You have to wonder, why the change? For one thing, there continues to be talk about the Department of Labor's evolving policies on what constitutes an unpaid internship. As we’ve written in the past, some of these factors include whether the training the intern receives is similar to training that can be obtained in an educational setting, whether the unpaid interns will displace a paid employee, and whether the employer goes so far as to derive any “benefit” from the intern’s work.

In an effort to fulfill these sometimes onerous criteria, many employers go as far as navigating the work study rules of various academic institutions and offering to provide academic credit for their positions. But sometimes, they’re still out of luck, as many students don’t need the credit, or for other bureaucratic reasons, wouldn’t qualify for it. Further, this would limit the applicant pool to only students! Who’s to say that recent graduates, young professionals and more experienced folks aren’t interested in internships as well? Much has been written, in fact, about “adult internships.”

Look, we’re business owners ourselves, and we carefully watch every expense. As we have written in the past, people should be appropriately compensated for their work. If they’re not, employers may have a tough time retaining them. Their costs to acquire talent could go up over a long period of time, as they continually need to find and train new people.

Alternatively, if you’re someone who can invest the time in educating, training and mentoring, then perhaps an unpaid intern is the right model for your business. And, now, in the worst recession in 80 years, is not the time to be decreasing businesses’ access to these workers.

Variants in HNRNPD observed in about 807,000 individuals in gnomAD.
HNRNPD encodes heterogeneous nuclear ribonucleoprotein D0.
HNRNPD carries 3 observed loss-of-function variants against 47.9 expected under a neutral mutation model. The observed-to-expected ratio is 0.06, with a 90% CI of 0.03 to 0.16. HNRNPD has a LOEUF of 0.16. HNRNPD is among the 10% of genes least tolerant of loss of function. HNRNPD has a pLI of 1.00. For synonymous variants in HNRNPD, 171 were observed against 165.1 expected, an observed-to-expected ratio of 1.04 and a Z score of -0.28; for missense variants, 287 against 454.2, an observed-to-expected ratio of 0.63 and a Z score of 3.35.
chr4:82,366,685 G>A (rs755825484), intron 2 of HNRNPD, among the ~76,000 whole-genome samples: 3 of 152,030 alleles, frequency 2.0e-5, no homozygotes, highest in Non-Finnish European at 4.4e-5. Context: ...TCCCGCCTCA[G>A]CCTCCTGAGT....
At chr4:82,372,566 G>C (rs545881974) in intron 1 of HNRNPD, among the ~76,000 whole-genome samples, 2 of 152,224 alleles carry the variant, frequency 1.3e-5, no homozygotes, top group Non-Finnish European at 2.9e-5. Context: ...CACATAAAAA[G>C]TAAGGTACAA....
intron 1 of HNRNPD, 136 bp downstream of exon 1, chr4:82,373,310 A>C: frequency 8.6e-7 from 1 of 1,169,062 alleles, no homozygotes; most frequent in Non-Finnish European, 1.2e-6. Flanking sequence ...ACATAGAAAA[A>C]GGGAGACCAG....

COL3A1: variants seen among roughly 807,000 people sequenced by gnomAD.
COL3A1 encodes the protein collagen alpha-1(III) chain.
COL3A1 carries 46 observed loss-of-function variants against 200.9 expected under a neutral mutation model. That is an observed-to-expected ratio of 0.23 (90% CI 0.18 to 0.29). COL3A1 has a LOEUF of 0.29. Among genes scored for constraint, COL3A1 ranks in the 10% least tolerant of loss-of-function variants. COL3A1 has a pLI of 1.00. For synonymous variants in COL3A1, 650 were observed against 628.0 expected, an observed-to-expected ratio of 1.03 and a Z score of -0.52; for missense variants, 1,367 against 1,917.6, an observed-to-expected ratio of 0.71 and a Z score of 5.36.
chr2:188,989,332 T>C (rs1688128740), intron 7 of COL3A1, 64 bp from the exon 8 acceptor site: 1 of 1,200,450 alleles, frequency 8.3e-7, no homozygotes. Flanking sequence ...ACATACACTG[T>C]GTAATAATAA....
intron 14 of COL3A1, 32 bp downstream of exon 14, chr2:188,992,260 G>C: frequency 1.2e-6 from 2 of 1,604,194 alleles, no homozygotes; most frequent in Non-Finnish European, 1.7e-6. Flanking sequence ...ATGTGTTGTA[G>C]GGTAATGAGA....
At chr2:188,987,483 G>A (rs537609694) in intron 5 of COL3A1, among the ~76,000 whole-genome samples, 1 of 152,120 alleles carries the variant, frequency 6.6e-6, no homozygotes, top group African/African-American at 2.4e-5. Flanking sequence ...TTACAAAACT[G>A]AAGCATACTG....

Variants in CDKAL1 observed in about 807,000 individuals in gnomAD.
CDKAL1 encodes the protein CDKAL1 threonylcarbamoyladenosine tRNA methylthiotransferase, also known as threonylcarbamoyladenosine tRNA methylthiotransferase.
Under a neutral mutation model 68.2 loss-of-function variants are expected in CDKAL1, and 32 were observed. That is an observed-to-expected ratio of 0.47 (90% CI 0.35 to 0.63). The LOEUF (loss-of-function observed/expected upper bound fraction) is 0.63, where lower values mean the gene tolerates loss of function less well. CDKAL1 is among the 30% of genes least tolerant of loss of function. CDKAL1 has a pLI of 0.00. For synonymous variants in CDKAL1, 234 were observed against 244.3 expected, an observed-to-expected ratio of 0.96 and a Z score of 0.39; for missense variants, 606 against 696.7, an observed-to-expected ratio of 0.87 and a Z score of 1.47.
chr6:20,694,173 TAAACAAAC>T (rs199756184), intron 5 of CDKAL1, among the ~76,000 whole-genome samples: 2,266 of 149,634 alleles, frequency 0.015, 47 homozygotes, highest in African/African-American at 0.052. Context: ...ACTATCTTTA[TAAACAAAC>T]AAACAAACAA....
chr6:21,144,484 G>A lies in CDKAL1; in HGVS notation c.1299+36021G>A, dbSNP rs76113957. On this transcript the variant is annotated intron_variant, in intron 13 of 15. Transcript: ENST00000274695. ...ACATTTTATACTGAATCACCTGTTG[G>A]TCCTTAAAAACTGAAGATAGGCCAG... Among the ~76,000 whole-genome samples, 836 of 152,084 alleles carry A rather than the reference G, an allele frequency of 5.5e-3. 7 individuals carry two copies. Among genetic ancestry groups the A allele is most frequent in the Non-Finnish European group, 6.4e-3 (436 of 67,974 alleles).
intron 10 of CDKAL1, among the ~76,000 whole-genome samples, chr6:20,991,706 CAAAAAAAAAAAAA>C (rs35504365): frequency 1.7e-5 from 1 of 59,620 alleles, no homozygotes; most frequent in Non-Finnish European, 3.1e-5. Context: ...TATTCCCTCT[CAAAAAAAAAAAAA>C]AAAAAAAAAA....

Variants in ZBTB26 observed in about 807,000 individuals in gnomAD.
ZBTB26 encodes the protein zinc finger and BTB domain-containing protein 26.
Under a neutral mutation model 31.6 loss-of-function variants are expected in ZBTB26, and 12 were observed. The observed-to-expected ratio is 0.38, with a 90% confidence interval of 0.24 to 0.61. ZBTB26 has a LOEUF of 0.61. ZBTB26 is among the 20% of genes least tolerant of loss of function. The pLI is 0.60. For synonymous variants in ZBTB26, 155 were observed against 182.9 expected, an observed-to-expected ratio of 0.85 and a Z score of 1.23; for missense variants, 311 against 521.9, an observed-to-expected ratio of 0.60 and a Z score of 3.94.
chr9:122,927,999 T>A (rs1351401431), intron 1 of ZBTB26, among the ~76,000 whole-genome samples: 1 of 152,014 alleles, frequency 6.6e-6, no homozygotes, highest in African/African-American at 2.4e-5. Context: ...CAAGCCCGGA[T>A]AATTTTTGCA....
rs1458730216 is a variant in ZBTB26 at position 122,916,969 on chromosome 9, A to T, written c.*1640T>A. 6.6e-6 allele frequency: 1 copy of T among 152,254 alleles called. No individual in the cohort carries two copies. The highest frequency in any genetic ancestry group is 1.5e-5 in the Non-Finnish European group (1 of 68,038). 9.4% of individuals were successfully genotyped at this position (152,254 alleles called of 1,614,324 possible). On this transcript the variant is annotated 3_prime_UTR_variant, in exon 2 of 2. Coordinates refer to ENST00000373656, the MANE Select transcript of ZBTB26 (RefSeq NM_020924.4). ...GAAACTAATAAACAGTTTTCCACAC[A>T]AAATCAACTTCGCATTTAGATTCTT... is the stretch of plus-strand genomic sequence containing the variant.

Further, in the most competitive job market since the early 1980's, now is not the time to be decreasing the quality and quantity of opportunities for job-seekers to learn new skills, particularly when they are ready, willing, and able. This is not simply about the current class of 2010 finding a summer gig. This is about education and innovation. Many businesses, especially smaller organizations, can offer opportunities that, paid or unpaid, can enrich a job seeker by giving them the chance to learn new skills and develop experience that they can bring to new employers-– or their own endeavors! – on a full-time basis.

Those who argue in favor of cracking down on unpaid internships, we ask you this: what advice would you give to job seekers who can’t find a job and are now being told that, though they are willing, they can’t volunteer their time in exchange for meaningful experience? Spend more time on Facebook complaining with friends that there are no opportunities out there? Why should the proactive job seekers and businesses who are taking the time to open their doors be punished?

As we said above, we think that the business case falls out on the side of paying interns. But ultimately, we argue this decision should be left up to the employer and the candidate to come to mutually agreeable terms on on their own.